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Canadiens vs. Hurricanes - Game Preview

Facing another mediocre team, can the Habs scrape together a decent game and keep their name in the playoff race?

Richard Wolowicz

Their poor play isn't a secret anymore. The Habs have been in choppy waters for a couple of months now, but Saturday night's debacle at the Bell Centre blew the lid off any doubts that the Habs were in more than a rut. The stats from that horrific affair have been played out out so many times in the following days that there's no need to repeat them. The Canadiens embarrassed themselves, and now they're left to try to pick themselves up. Canadiens fans need not fear, however - the Montreal Canadiens are going to win tonight, and I'm going to tell you why.

Their opponents tonight, the Carolina Hurricanes, are in some ways the poster boys from the Habs recent stretch of poor work. The Habs, third in their division and fourth in the conference, not to mention eight points above the nearest non-playoff challenger, headed to Raleigh for a New Year's Eve clash with the 'canes.

Montreal earned a 3-0 lead by the midway point of the second period, and held it going into the second intermission. Carolina pounced almost immediately after the break, however, taking advantage of a flurry of early powerplays to jump in front 4-3. The Canadiens would salvage a single point when a P.K. Subban goal tied the game late, but the Habs would ultimately fall when Alexander Semin scored in overtime.

The game, on it's own, was frustrating. In the context of the inconsistency the Habs had displayed going in, it was concerning. In the context of what has unfolded since that game, it was symbolic.

The Canadiens have broken down, and have been mauled in four consecutive games. Their season has gone from promising, to inconsistent, to a disaster. Their once significant advantage in the playoff race has evaporated, as the Habs are now only three points (and a game in hand) away from falling out of the playoffs. With the Bruins on the horizon, the time is now to collect a critical two points.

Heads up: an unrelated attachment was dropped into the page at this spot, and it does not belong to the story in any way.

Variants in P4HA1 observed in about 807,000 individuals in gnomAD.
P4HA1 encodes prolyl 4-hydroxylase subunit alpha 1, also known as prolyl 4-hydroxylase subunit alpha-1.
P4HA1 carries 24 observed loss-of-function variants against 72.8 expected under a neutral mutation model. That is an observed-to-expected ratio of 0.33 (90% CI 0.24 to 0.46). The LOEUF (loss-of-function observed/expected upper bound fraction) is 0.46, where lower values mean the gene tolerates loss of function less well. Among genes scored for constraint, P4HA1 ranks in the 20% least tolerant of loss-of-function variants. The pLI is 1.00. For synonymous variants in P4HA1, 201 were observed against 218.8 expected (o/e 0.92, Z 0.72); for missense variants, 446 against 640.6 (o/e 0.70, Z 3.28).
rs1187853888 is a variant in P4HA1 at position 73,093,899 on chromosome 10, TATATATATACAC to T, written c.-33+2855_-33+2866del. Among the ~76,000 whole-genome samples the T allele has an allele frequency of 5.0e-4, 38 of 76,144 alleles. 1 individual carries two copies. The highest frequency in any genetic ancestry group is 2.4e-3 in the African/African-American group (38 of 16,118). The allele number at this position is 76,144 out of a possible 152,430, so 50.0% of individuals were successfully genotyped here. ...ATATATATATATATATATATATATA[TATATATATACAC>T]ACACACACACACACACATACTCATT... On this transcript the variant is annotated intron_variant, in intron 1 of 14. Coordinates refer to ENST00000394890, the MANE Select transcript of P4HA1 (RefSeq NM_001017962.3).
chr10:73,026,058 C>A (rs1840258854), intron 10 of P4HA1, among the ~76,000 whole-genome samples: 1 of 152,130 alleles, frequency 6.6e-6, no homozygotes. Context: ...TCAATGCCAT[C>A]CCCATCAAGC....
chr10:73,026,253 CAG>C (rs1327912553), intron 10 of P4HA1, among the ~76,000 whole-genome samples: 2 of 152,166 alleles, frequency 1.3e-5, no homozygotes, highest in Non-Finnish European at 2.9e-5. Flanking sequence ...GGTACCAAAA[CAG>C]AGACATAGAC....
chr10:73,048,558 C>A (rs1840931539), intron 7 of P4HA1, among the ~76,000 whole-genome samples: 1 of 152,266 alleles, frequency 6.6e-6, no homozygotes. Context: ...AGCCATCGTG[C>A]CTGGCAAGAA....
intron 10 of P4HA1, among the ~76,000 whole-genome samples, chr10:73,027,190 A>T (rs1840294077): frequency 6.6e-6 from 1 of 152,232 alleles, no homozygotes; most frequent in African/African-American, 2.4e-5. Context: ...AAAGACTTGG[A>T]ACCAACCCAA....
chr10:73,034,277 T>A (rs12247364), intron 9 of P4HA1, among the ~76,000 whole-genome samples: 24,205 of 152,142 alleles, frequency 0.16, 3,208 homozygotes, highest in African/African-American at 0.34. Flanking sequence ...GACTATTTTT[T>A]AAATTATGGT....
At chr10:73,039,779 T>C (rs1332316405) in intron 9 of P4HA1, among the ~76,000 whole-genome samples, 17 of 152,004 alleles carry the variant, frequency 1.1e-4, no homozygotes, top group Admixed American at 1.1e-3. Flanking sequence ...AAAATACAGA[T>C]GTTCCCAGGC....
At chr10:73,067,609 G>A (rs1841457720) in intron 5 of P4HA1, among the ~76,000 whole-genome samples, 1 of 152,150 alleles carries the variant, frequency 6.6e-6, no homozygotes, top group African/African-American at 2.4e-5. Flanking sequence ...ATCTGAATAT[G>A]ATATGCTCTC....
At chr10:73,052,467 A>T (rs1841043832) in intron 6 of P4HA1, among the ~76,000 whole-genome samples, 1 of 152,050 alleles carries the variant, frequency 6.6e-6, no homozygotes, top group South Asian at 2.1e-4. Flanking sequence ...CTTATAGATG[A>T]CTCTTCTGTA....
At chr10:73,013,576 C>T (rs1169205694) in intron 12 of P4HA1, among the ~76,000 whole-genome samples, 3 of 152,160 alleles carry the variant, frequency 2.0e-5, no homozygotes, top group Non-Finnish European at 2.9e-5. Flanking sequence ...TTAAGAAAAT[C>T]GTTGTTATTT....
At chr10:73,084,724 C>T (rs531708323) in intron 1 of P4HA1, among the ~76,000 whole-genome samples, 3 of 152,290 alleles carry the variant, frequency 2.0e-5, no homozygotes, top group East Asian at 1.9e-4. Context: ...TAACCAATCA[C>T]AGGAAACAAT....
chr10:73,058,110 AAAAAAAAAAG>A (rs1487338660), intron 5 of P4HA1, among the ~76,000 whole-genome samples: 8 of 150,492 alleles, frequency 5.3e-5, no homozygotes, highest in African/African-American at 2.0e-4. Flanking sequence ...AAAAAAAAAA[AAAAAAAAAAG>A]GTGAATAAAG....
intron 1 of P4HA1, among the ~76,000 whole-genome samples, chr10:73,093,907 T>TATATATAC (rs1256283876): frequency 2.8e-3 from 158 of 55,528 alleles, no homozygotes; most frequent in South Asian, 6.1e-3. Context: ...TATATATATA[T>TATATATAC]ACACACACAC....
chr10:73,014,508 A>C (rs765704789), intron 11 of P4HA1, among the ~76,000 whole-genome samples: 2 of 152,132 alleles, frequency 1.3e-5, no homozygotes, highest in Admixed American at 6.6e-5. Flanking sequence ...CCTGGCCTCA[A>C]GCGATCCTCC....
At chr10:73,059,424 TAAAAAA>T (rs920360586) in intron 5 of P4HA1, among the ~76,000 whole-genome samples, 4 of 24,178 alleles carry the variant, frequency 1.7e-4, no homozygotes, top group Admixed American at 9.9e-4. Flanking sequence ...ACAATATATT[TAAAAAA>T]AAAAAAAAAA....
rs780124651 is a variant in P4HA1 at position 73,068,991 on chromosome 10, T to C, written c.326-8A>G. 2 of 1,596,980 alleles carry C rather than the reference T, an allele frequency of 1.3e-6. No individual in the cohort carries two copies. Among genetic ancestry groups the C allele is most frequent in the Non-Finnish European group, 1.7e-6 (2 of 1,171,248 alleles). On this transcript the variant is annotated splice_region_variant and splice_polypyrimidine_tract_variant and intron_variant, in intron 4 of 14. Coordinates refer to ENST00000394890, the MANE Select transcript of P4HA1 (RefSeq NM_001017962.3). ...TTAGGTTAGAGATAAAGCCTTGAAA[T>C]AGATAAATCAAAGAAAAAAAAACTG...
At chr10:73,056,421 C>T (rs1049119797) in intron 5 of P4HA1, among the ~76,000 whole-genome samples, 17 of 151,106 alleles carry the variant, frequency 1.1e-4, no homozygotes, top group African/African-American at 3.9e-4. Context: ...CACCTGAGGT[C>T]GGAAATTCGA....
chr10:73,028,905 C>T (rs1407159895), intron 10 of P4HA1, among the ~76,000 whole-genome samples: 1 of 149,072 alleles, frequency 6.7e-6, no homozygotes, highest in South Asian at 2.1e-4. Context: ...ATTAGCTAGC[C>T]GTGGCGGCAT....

The Hurricanes are still a middle-of-the-road squad that the Habs should be able to beat, but that's not to say they don't have their redeeming qualities. Taking advantage of a deep top six, the Hurricanes have reunited their erstwhile top line of Eric Staal, Jiri Tlusty, and Semin. In their last six games, the trio has gone off for a combined twenty points, posing a serious challenge to P.K. Subban and whoever becomes the newest member of Montreal's currently non-existent top pair.

Graduating to the second line is first round pick Elias Lindholm, who completes a line with Jordan Staal and Jeff Skinner. While that line hasn't offered much offence lately, the talented and versatile group has the potential to strike, especially against Montreal's recently brutal defence corps. In fact, anyone who watched the Habs blow up against the Hurricanes at the end of 2013 will recall that Skinner is more than capable of a goal or two.

Thankfully, for Montreal fans, the bottom of Carolina's forward squad is weak, which should offer the Habs an advantage. Michel Therrien has had difficulty getting goals out of any of his lines, but in theory, it should be almost impossible to line-up a bottom six weaker than what the Hurricanes can ice. Of course, theory and reality have proven to be two very different things in recent Habs history.

The Canadiens are catching them less than 24 hours after facing off against Columbus Blue Jackets, which should be another advantage. The Habs may also be able to break the Hurricanes unremarkable defencemen, where a newly emancipated John-Michael Liles is among the top four.

In spite of all that's transpired, there's no reason to look at tonight's matchup with a negative attitude.With a half decent effort, two hours and thirty minutes of welcome respite from this weary drama shouldn't be too much to ask. The Habs could come away with two points in the standings, and a little shred of hope that the playoffs might lie in the future.

With more of the same, the Habs will get stomped, and the City of Montreal will be one night closer to the end of Michel Therrien's miserable tenure. Montreal is going to win tonight, because they can't lose.